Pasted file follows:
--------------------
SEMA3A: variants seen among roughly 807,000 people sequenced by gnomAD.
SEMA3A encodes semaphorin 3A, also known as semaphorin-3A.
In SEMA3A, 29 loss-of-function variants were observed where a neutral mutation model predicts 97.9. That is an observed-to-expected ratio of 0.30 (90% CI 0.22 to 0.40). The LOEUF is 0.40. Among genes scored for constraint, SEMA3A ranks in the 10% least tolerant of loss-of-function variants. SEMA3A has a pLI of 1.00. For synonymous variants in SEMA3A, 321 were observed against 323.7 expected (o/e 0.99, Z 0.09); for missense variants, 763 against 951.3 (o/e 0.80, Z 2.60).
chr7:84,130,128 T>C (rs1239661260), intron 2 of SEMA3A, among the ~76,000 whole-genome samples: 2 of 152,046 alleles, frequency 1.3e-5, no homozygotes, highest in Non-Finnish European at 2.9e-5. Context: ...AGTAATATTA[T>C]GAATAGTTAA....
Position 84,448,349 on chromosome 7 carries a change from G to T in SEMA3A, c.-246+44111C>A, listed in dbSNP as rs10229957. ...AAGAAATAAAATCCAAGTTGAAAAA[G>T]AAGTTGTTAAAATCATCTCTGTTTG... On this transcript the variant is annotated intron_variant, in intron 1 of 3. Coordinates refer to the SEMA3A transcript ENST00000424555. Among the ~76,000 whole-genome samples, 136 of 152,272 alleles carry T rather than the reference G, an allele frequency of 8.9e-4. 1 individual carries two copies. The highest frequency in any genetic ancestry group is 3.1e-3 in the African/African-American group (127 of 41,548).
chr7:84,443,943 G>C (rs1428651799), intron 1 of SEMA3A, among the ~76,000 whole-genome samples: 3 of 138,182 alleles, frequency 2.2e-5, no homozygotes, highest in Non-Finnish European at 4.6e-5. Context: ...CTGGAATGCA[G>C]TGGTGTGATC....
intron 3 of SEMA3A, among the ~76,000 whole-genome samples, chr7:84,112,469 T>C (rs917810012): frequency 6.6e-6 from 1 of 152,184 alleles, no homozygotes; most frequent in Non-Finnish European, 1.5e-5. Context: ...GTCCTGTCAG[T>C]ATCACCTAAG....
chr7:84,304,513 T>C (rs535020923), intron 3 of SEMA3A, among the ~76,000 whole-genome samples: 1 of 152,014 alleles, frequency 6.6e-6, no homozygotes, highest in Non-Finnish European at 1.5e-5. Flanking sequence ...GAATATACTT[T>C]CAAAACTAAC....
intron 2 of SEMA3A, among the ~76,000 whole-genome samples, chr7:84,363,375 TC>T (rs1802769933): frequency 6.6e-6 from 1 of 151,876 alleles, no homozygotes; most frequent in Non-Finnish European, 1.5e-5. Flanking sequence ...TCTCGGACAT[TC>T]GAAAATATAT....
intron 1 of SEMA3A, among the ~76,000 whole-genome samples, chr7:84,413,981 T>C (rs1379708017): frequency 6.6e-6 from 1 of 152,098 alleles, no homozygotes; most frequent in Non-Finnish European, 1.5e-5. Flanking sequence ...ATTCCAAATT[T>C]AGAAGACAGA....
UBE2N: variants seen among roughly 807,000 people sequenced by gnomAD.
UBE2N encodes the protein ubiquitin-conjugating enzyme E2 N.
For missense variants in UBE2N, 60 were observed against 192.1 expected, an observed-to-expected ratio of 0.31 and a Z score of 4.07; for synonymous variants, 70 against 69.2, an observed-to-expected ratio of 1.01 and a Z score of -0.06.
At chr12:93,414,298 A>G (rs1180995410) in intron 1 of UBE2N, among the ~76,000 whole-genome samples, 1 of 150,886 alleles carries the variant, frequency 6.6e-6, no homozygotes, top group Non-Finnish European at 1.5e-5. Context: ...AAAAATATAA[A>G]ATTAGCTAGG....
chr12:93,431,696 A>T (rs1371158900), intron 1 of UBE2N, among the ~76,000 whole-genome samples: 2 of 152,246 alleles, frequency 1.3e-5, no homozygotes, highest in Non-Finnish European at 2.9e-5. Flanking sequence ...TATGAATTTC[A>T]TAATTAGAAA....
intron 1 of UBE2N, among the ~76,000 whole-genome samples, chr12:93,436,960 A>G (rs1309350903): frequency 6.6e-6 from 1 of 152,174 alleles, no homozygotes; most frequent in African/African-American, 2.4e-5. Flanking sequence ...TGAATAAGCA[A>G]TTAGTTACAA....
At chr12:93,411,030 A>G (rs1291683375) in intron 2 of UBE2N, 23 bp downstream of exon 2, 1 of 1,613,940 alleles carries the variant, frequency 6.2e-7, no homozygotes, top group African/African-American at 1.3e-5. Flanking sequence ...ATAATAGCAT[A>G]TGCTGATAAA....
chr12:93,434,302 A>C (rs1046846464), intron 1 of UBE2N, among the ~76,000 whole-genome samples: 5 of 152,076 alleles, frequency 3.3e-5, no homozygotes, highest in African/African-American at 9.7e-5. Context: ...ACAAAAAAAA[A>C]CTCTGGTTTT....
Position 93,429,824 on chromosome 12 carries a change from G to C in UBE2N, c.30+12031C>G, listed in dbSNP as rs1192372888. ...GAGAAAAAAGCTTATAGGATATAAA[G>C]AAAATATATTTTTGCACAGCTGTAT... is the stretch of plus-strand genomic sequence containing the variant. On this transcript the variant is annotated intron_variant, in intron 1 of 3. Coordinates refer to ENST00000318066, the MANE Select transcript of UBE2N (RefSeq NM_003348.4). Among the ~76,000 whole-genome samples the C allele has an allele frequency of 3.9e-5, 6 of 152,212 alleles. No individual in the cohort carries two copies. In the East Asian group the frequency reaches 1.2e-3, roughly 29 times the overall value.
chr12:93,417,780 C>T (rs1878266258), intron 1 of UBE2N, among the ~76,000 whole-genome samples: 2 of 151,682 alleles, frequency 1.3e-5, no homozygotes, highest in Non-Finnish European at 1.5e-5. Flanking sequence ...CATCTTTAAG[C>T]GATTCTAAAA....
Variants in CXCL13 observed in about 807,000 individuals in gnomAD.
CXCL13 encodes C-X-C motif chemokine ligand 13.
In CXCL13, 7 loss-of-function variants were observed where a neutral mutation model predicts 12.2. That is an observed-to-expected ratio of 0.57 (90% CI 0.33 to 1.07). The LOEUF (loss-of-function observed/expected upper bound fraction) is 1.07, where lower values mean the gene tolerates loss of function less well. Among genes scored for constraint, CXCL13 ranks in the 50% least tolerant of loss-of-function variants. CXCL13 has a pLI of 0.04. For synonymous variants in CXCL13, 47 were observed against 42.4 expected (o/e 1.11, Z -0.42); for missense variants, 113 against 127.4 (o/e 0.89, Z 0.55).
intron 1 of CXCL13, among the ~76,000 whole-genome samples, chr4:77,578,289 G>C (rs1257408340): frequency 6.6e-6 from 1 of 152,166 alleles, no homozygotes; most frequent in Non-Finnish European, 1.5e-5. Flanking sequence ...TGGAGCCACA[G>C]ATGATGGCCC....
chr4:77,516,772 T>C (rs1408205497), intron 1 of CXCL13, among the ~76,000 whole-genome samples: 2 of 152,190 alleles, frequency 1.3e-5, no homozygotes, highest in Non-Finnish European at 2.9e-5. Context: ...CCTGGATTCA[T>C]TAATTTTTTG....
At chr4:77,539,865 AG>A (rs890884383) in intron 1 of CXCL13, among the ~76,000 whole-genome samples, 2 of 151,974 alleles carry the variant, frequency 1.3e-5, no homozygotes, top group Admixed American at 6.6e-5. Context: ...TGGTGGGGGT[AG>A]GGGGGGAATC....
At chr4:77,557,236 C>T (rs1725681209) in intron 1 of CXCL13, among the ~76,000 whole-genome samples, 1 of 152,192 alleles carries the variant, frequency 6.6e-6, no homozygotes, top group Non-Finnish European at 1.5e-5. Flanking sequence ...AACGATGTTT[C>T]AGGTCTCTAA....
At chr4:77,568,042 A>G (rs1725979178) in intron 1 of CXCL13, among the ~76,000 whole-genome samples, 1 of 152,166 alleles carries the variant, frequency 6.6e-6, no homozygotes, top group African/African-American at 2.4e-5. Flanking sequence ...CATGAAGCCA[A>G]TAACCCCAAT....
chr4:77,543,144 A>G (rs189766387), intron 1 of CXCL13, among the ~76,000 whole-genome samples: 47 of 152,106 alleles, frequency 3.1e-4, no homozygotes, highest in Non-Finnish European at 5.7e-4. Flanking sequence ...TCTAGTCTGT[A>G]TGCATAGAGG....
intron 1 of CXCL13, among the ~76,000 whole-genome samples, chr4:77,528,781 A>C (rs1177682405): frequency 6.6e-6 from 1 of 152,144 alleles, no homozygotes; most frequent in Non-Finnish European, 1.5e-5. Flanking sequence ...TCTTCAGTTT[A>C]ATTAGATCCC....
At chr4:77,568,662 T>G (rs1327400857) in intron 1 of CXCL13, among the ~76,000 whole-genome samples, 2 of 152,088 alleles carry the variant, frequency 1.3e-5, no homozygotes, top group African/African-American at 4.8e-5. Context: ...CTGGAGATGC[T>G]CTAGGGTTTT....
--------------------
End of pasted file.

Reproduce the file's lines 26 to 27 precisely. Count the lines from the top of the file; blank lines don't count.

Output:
At chr4:77,539,865 AG>A (rs890884383) in intron 1 of CXCL13, among the ~76,000 whole-genome samples, 2 of 151,974 alleles carry the variant, frequency 1.3e-5, no homozygotes, top group Admixed American at 6.6e-5. Context: ...TGGTGGGGGT[AG>A]GGGGGGAATC....
At chr4:77,557,236 C>T (rs1725681209) in intron 1 of CXCL13, among the ~76,000 whole-genome samples, 1 of 152,192 alleles carries the variant, frequency 6.6e-6, no homozygotes, top group Non-Finnish European at 1.5e-5. Flanking sequence ...AACGATGTTT[C>T]AGGTCTCTAA....